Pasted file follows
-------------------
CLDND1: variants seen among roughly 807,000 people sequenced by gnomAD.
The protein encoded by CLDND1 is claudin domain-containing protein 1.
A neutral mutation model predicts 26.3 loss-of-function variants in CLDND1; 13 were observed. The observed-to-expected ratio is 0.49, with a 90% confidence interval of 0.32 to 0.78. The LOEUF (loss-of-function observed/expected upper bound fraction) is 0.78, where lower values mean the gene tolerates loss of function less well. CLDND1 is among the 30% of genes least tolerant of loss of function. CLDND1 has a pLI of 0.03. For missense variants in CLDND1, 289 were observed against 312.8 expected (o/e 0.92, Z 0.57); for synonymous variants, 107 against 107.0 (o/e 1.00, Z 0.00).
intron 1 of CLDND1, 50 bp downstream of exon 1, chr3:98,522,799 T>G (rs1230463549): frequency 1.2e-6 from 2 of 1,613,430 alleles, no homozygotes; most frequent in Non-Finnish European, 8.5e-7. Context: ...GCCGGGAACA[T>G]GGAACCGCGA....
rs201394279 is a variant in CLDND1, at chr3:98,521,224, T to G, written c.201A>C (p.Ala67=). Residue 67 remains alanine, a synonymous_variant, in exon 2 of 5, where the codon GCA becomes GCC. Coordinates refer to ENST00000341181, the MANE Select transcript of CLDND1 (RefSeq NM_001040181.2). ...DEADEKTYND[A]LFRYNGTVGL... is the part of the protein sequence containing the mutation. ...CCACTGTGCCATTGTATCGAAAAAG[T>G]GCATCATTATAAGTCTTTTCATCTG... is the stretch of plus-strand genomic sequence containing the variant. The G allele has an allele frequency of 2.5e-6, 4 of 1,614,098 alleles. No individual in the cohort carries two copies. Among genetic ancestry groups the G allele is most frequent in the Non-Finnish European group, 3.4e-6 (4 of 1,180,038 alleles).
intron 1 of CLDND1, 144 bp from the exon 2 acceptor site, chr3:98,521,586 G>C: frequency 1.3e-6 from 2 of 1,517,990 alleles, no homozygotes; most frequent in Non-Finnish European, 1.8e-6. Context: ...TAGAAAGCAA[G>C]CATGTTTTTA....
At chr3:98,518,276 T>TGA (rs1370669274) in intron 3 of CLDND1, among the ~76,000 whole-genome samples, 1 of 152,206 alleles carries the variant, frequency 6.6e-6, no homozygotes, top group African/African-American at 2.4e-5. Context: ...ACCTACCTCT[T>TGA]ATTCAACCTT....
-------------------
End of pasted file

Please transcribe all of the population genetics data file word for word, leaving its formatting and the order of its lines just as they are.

CLDND1: variants seen among roughly 807,000 people sequenced by gnomAD.
The protein encoded by CLDND1 is claudin domain-containing protein 1.
A neutral mutation model predicts 26.3 loss-of-function variants in CLDND1; 13 were observed. The observed-to-expected ratio is 0.49, with a 90% confidence interval of 0.32 to 0.78. The LOEUF (loss-of-function observed/expected upper bound fraction) is 0.78, where lower values mean the gene tolerates loss of function less well. CLDND1 is among the 30% of genes least tolerant of loss of function. CLDND1 has a pLI of 0.03. For missense variants in CLDND1, 289 were observed against 312.8 expected (o/e 0.92, Z 0.57); for synonymous variants, 107 against 107.0 (o/e 1.00, Z 0.00).
intron 1 of CLDND1, 50 bp downstream of exon 1, chr3:98,522,799 T>G (rs1230463549): frequency 1.2e-6 from 2 of 1,613,430 alleles, no homozygotes; most frequent in Non-Finnish European, 8.5e-7. Context: ...GCCGGGAACA[T>G]GGAACCGCGA....
rs201394279 is a variant in CLDND1, at chr3:98,521,224, T to G, written c.201A>C (p.Ala67=). Residue 67 remains alanine, a synonymous_variant, in exon 2 of 5, where the codon GCA becomes GCC. Coordinates refer to ENST00000341181, the MANE Select transcript of CLDND1 (RefSeq NM_001040181.2). ...DEADEKTYND[A]LFRYNGTVGL... is the part of the protein sequence containing the mutation. ...CCACTGTGCCATTGTATCGAAAAAG[T>G]GCATCATTATAAGTCTTTTCATCTG... is the stretch of plus-strand genomic sequence containing the variant. The G allele has an allele frequency of 2.5e-6, 4 of 1,614,098 alleles. No individual in the cohort carries two copies. Among genetic ancestry groups the G allele is most frequent in the Non-Finnish European group, 3.4e-6 (4 of 1,180,038 alleles).
intron 1 of CLDND1, 144 bp from the exon 2 acceptor site, chr3:98,521,586 G>C: frequency 1.3e-6 from 2 of 1,517,990 alleles, no homozygotes; most frequent in Non-Finnish European, 1.8e-6. Context: ...TAGAAAGCAA[G>C]CATGTTTTTA....
At chr3:98,518,276 T>TGA (rs1370669274) in intron 3 of CLDND1, among the ~76,000 whole-genome samples, 1 of 152,206 alleles carries the variant, frequency 6.6e-6, no homozygotes, top group African/African-American at 2.4e-5. Context: ...ACCTACCTCT[T>TGA]ATTCAACCTT....